A Day to Remember

America just celebrated the 242nd anniversary of our birth as a nation. Fifty-six statesmen eventually signed the Declaration of Independence from England. The rest is history. You and I enjoy the benefits of the courage and wisdom of our founding fathers. It was one thing to declare independence but another to experience it. Blood was spilled in that pursuit.

Today, as I write on July 6, 2018 I am reminded of another historic event that helped shape our history as followers of Jesus Christ. Today I am free to read and interpret and proclaim the Scriptures because of a man who paid the ultimate price rather than recant or compromise his convictions. I speak of John Huss who was burned at the stake on July 6, 1415 in Konstanz Germany.

Huss, a Roman Catholic priest, preached at Bethlehem Chapel in Prague (which held 3,000 people). It became the most popular church and center of reform in Bohemia. His sermons were often preached in the Czech language rather than Latin.

This break from Catholic tradition and dogma was the result of Huss discovering the writings of another reformer, John Wycliffe, who had advocated and published the Bible in English so the common man could read and comprehend. Wycliffe would also be persecuted for this “crime.”

After Huss “discovered the Bible” he said “the Lord gave me knowledge of Scriptures…” These discoveries led to Huss opposing errors he saw in the Roman Church- errors such as the selling of indulgences to raise money for the Church. Huss also proclaimed the Bible was the authority for the church. He published sermons and other literature in the language of the people calling for correcting errors that had crept into the Church.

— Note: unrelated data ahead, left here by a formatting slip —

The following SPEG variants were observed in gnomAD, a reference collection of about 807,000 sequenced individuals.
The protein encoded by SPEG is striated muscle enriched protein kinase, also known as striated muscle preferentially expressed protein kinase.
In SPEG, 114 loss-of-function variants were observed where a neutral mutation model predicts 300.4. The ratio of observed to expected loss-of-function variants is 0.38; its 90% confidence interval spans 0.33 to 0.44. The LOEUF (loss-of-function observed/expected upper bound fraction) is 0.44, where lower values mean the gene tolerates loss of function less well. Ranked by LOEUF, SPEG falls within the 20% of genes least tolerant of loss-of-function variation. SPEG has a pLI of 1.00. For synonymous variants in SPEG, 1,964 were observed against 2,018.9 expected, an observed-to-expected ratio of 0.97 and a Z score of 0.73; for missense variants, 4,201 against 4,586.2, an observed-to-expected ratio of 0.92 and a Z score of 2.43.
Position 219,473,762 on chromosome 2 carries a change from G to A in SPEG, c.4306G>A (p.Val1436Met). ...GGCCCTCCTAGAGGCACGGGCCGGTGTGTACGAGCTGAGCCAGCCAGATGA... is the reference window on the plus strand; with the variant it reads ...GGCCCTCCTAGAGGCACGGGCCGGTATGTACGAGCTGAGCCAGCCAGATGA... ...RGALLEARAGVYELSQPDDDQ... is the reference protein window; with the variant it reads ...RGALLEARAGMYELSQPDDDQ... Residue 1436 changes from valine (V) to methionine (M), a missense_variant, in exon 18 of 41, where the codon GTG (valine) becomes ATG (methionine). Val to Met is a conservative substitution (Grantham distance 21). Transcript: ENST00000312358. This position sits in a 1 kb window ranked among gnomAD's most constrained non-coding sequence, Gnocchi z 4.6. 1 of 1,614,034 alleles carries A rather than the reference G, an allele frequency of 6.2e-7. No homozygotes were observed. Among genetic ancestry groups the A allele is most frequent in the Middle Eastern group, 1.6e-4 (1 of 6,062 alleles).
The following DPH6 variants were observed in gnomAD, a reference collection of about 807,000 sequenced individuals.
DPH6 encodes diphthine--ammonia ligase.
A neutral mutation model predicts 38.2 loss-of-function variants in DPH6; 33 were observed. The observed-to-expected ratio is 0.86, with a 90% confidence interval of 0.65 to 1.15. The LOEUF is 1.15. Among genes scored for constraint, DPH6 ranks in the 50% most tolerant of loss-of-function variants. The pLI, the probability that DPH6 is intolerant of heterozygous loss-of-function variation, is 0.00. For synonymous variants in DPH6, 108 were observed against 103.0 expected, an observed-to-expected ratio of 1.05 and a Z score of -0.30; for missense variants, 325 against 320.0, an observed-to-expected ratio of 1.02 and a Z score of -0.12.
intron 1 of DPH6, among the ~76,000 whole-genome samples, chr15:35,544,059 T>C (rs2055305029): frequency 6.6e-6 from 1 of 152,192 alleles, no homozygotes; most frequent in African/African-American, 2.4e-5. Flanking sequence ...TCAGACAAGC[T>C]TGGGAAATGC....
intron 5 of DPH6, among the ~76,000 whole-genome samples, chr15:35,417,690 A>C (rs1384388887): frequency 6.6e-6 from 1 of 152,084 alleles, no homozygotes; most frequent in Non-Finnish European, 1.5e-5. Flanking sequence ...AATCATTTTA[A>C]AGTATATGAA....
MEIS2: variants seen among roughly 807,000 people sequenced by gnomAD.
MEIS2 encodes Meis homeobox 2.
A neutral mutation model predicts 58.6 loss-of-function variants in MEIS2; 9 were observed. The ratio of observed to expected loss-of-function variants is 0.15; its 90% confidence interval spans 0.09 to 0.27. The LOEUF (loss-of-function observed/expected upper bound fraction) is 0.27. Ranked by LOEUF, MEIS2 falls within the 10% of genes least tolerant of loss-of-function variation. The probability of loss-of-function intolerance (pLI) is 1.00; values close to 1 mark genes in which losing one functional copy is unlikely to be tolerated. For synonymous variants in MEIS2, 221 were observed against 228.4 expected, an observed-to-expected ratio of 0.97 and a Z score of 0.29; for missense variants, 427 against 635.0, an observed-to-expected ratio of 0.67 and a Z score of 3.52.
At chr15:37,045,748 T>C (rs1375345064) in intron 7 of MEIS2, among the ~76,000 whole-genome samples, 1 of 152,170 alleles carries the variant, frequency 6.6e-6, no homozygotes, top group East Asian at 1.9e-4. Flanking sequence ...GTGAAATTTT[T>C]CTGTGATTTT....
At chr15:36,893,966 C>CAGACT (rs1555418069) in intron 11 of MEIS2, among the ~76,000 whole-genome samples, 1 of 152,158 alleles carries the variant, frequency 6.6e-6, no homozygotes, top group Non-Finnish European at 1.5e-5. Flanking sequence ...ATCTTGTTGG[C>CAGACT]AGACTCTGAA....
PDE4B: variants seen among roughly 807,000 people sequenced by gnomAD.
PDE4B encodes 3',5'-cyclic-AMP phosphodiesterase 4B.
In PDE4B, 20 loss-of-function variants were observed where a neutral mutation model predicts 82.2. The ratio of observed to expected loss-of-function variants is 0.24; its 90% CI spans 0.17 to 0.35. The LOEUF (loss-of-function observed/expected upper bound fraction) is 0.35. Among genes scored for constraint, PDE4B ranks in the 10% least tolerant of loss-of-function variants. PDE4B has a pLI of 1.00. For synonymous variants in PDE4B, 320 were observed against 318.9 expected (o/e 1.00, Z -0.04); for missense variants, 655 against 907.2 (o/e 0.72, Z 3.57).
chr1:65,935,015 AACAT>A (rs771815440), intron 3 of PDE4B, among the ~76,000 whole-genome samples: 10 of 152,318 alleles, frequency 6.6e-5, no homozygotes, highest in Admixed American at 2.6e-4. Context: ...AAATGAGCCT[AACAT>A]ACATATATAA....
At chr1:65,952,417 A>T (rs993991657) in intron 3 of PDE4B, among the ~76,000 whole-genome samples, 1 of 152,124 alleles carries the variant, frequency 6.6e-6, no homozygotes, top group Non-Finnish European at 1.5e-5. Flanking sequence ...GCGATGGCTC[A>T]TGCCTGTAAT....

In November 1414 Hus was invited to the Council of Constance to present and defend his teachings. Promised safe conduct, he agreed to attend the council but was immediately arrested and imprisoned. He was charged with 39 errors- many were not things he had taught or advocated. Called to recant or perish, Huss responded, “God is my witness that the things charged against me I never preached. In the same truth of the Gospel which I have written… I am ready to die today.”

On the day of his execution (July 6, 1415) he was dressed in his priestly robes and then stripped of them one by one and tied to the stake. Given one last opportunity to recant- to deny the truth he had discovered in Scripture, Huss prayed, “Lord Jesus, it is for thee that I patiently endure this cruel death. I pray thee to have mercy on my enemies.” He was heard reciting the Psalms as the flames engulfed him.

Many of my readers may have never heard of John Huss, but we all know about Martin Luther, the great reformer. Huss became a hero to Luther and other reformation leaders. Huss preached the same truths a century before Luther nailed up his 95 theses. The surname “Huss” means goose in the Czech language. Luther would later anecdotally remind his followers of the “goose who had been cooked for defying the pope.”

So today, just two days after celebrating the independence my country and as a citizen of another greater and eternal kingdom- The Kingdom of God- I thank God for men like Wycliffe and Luther, but especially on this day, I am grateful for John Huss.

I am who I am, a student of the Bible and a preacher of the gospel because Huss paid the ultimate price to preserve the truth.